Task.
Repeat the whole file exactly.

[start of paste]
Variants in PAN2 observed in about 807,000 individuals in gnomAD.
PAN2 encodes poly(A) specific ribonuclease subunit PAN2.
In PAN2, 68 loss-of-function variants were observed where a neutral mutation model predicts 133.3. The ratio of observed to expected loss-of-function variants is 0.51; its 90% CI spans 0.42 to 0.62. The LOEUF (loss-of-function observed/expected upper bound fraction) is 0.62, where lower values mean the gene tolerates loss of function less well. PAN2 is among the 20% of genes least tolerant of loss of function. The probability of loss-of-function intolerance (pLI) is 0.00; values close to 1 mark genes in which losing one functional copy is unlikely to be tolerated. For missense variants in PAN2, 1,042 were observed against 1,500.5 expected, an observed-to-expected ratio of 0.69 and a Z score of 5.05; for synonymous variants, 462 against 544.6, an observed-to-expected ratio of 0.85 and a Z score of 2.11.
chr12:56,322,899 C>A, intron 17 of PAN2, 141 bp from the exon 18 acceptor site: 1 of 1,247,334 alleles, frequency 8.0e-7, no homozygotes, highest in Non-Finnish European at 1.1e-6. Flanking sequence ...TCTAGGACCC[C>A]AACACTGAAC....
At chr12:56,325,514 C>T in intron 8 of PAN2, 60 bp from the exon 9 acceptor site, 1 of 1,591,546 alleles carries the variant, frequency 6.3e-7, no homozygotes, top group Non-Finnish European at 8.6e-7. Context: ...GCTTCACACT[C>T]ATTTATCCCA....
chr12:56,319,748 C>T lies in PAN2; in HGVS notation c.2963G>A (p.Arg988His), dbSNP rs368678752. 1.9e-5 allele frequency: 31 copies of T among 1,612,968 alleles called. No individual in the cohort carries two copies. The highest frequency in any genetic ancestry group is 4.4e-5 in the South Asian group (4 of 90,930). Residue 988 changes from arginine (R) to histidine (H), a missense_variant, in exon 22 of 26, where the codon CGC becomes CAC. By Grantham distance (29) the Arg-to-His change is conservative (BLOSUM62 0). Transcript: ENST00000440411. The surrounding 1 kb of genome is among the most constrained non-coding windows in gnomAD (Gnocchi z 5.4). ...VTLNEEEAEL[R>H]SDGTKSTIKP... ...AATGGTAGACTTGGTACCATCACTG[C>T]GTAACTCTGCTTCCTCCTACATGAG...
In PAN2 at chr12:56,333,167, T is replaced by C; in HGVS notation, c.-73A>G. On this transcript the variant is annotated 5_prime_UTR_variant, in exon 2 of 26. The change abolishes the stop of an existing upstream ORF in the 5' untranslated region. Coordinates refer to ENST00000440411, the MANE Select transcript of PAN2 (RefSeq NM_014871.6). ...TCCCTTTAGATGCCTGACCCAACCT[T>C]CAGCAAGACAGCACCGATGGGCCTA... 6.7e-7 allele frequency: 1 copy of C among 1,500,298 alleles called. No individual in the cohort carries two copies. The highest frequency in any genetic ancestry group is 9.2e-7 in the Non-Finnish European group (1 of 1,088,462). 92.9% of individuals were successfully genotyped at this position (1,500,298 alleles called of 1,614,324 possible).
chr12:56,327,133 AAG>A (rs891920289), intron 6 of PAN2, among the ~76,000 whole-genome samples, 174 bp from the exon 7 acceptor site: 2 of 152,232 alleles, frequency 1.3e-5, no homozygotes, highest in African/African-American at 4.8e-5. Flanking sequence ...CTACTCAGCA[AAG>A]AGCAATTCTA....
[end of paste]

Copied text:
Variants in PAN2 observed in about 807,000 individuals in gnomAD.
PAN2 encodes poly(A) specific ribonuclease subunit PAN2.
In PAN2, 68 loss-of-function variants were observed where a neutral mutation model predicts 133.3. The ratio of observed to expected loss-of-function variants is 0.51; its 90% CI spans 0.42 to 0.62. The LOEUF (loss-of-function observed/expected upper bound fraction) is 0.62, where lower values mean the gene tolerates loss of function less well. PAN2 is among the 20% of genes least tolerant of loss of function. The probability of loss-of-function intolerance (pLI) is 0.00; values close to 1 mark genes in which losing one functional copy is unlikely to be tolerated. For missense variants in PAN2, 1,042 were observed against 1,500.5 expected, an observed-to-expected ratio of 0.69 and a Z score of 5.05; for synonymous variants, 462 against 544.6, an observed-to-expected ratio of 0.85 and a Z score of 2.11.
chr12:56,322,899 C>A, intron 17 of PAN2, 141 bp from the exon 18 acceptor site: 1 of 1,247,334 alleles, frequency 8.0e-7, no homozygotes, highest in Non-Finnish European at 1.1e-6. Flanking sequence ...TCTAGGACCC[C>A]AACACTGAAC....
At chr12:56,325,514 C>T in intron 8 of PAN2, 60 bp from the exon 9 acceptor site, 1 of 1,591,546 alleles carries the variant, frequency 6.3e-7, no homozygotes, top group Non-Finnish European at 8.6e-7. Context: ...GCTTCACACT[C>T]ATTTATCCCA....
chr12:56,319,748 C>T lies in PAN2; in HGVS notation c.2963G>A (p.Arg988His), dbSNP rs368678752. 1.9e-5 allele frequency: 31 copies of T among 1,612,968 alleles called. No individual in the cohort carries two copies. The highest frequency in any genetic ancestry group is 4.4e-5 in the South Asian group (4 of 90,930). Residue 988 changes from arginine (R) to histidine (H), a missense_variant, in exon 22 of 26, where the codon CGC becomes CAC. By Grantham distance (29) the Arg-to-His change is conservative (BLOSUM62 0). Transcript: ENST00000440411. The surrounding 1 kb of genome is among the most constrained non-coding windows in gnomAD (Gnocchi z 5.4). ...VTLNEEEAEL[R>H]SDGTKSTIKP... ...AATGGTAGACTTGGTACCATCACTG[C>T]GTAACTCTGCTTCCTCCTACATGAG...
In PAN2 at chr12:56,333,167, T is replaced by C; in HGVS notation, c.-73A>G. On this transcript the variant is annotated 5_prime_UTR_variant, in exon 2 of 26. The change abolishes the stop of an existing upstream ORF in the 5' untranslated region. Coordinates refer to ENST00000440411, the MANE Select transcript of PAN2 (RefSeq NM_014871.6). ...TCCCTTTAGATGCCTGACCCAACCT[T>C]CAGCAAGACAGCACCGATGGGCCTA... 6.7e-7 allele frequency: 1 copy of C among 1,500,298 alleles called. No individual in the cohort carries two copies. The highest frequency in any genetic ancestry group is 9.2e-7 in the Non-Finnish European group (1 of 1,088,462). 92.9% of individuals were successfully genotyped at this position (1,500,298 alleles called of 1,614,324 possible).
chr12:56,327,133 AAG>A (rs891920289), intron 6 of PAN2, among the ~76,000 whole-genome samples, 174 bp from the exon 7 acceptor site: 2 of 152,232 alleles, frequency 1.3e-5, no homozygotes, highest in African/African-American at 4.8e-5. Flanking sequence ...CTACTCAGCA[AAG>A]AGCAATTCTA....